That said, Kelsea's victories often feel a bit too quick. And her enemies sometimes seem to fold so easily, it's like they're made of hinges. In particular, the sword of Damocles that hangs over her head for the entire book seems like it's just going to dangle forever — although maybe the inevitable sequels will make things darker and more complicated for her.

The good news is, Kelsea isn't a cipher, and she has a lot of emotional and psychological complexity along with her extreme competence. She's super-insecure about her plain appearance, and feels as though nobody will ever be attracted to her (and there's some evidence in the book that she really is considered plain, compared to the court ladies). She's physically awkward, especially when she's trying in vain to learn sword-fighting — there's a lovely bit where she's learning sword play, and the narrator says, "The width of her body, combined with the unwieldy appendage of the sword itself, was a hindrance. When Kelsea twisted around, she found her own limbs blocking her passage."

And a lot of the most interesting stuff in the book does have to do with gender roles — even though these societies seem to be matriarchal or matrilineal, there's a lot of random sexism. And Kelsea's conversations with the women in her world about beauty and selfhood are often way more interesting than her debates over military and political strategy with the dudes.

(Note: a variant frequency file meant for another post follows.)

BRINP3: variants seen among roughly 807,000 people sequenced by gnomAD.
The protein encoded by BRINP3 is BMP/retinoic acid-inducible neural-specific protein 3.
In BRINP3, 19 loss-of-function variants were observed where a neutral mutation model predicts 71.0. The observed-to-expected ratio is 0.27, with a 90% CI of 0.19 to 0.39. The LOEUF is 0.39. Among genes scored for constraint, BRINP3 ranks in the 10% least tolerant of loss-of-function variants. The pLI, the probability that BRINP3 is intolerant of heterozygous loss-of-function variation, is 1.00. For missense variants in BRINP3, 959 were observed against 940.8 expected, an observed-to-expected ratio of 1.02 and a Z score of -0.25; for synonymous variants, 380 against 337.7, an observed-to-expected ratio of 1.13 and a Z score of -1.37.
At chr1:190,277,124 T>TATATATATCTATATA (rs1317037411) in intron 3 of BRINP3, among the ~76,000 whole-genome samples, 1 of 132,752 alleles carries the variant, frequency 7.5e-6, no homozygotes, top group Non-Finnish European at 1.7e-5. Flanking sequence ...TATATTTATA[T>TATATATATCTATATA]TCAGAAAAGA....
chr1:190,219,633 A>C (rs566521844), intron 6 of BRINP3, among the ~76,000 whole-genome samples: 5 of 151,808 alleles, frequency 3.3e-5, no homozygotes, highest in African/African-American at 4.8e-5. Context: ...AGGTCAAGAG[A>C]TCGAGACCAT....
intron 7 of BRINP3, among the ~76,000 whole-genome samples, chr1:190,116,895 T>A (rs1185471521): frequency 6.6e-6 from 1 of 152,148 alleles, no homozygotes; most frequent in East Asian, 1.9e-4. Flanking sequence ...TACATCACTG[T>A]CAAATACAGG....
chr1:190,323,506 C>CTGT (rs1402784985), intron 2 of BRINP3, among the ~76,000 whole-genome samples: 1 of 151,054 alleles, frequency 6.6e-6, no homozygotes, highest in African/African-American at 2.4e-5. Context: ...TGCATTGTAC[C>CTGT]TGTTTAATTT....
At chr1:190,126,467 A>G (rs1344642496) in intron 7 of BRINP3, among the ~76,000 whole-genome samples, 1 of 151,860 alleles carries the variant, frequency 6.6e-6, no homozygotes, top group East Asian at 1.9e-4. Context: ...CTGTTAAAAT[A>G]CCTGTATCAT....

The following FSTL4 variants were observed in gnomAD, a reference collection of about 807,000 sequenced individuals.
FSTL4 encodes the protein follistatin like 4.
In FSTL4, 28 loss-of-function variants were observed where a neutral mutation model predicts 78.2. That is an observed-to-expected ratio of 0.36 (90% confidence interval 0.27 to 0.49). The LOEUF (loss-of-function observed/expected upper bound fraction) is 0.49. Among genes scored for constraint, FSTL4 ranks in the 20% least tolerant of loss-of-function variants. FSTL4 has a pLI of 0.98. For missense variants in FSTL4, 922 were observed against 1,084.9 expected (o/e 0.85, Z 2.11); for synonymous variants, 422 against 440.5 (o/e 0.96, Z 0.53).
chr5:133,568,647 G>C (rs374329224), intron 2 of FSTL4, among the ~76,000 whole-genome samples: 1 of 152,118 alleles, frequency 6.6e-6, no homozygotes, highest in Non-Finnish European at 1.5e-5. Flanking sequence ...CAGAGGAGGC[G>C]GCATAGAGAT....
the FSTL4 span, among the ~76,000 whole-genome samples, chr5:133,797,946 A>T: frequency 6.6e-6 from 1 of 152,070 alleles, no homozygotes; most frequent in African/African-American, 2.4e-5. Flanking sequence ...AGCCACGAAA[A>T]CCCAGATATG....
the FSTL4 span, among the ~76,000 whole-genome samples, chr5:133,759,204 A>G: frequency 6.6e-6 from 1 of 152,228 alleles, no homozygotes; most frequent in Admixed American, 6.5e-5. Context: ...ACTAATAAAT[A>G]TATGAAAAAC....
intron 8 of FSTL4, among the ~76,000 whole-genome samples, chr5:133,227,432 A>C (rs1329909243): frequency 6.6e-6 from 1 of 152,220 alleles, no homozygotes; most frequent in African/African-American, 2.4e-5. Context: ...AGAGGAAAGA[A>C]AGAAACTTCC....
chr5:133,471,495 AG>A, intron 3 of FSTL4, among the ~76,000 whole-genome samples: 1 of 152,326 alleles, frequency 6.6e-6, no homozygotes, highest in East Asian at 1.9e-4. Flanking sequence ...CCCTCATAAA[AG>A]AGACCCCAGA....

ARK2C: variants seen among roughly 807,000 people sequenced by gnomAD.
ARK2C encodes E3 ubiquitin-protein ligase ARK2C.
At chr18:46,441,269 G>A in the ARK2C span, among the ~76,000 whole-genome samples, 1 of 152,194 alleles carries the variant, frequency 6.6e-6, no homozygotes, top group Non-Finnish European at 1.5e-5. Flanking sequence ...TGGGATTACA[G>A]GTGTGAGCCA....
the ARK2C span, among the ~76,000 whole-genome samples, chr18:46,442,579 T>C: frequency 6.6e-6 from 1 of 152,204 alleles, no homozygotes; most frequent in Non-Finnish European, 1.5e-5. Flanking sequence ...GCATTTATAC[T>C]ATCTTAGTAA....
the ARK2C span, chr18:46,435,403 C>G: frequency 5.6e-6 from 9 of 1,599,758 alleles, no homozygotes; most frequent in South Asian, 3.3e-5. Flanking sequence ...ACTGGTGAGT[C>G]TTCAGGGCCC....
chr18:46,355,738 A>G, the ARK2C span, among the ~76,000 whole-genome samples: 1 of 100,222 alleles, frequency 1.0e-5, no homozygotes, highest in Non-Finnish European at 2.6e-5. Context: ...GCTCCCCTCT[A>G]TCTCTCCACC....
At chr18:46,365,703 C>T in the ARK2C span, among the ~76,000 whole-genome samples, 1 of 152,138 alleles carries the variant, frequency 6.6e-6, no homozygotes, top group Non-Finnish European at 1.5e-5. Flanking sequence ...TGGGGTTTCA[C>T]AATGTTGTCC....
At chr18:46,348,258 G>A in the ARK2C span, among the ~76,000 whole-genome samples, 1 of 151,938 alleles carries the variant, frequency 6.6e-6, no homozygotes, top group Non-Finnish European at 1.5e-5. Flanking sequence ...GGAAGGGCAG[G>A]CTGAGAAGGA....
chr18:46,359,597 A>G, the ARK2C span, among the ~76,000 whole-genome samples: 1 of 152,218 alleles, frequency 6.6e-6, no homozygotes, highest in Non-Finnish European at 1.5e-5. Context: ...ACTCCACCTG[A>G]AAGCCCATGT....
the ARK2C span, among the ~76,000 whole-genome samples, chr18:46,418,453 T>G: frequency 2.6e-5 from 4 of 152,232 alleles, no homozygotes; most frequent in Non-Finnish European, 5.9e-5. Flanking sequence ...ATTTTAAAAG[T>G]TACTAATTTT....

And a lot of the arc of the book involves not just Kelsea's rise to leadership but also her changing feelings about her mother, who was a weak and vain queen who allowed her people to be sold. Part of why she goes to such extreme lengths is to prove she's nothing like her mother, but she slowly grows into being less reactive and defining herself as her own person, not her mother's daughter.

Plus Kelsea loves books, even as most people around her don't see the use of them, and she dreams of spreading the love of reading throughout her realm. (Something that's sure to endear her to book lovers.)

This is clearly meant to be a feminist take on the heroic journey — to the point where Kelsea even spends a couple of pages looking at classic fantasy books from the Old World (like The Hobbit) and lamenting the lack of female characters. It's also pretty explicitly atheist — Kelsea herself is an atheist, and organized religion is evil and corrupt (although one sympathetic priest is caught between her and his nasty brethren.)

This book is mostly from Kelsea's point of view, but occasionally we switch into the viewpoint of one of the antagonists. This is mostly to convey plot points that Kelsea doesn't know about yet, but there are a few places where it really adds to the story — like when we see the POV of the Regent, who's revealed to be a vain, foolish man who could have been noble if he'd gone down a different path. (There's a great bit where his bedslaves abandon him, and he protests that he gave them all these presents. One replies: "Clothing, jewelry, food, and gold, and you think you paid, Thomas. You didn't, not even close. But I think you will.")

And Javel, a guard who betrays Kelsea, gets some really well done passages where he thinks about his wife Allie, who was sold into slavery — and imagines what Allie would say if she knew the things Javel is doing to get her back.

Queen of the Tearling is a superfast, ridiculously fun read — perfect summer popcorn fare. Kelsea has a lot to prove as a new queen, and she does a lot to prove it. Especially in moments where she takes some colossal chance and says things like, "I see my own death, and exalt in it. But before I go, I'm going to cut a wide swath here, wide as God's Ocean. If you don't want to die with me, you should leave now."

Hell to the yeah.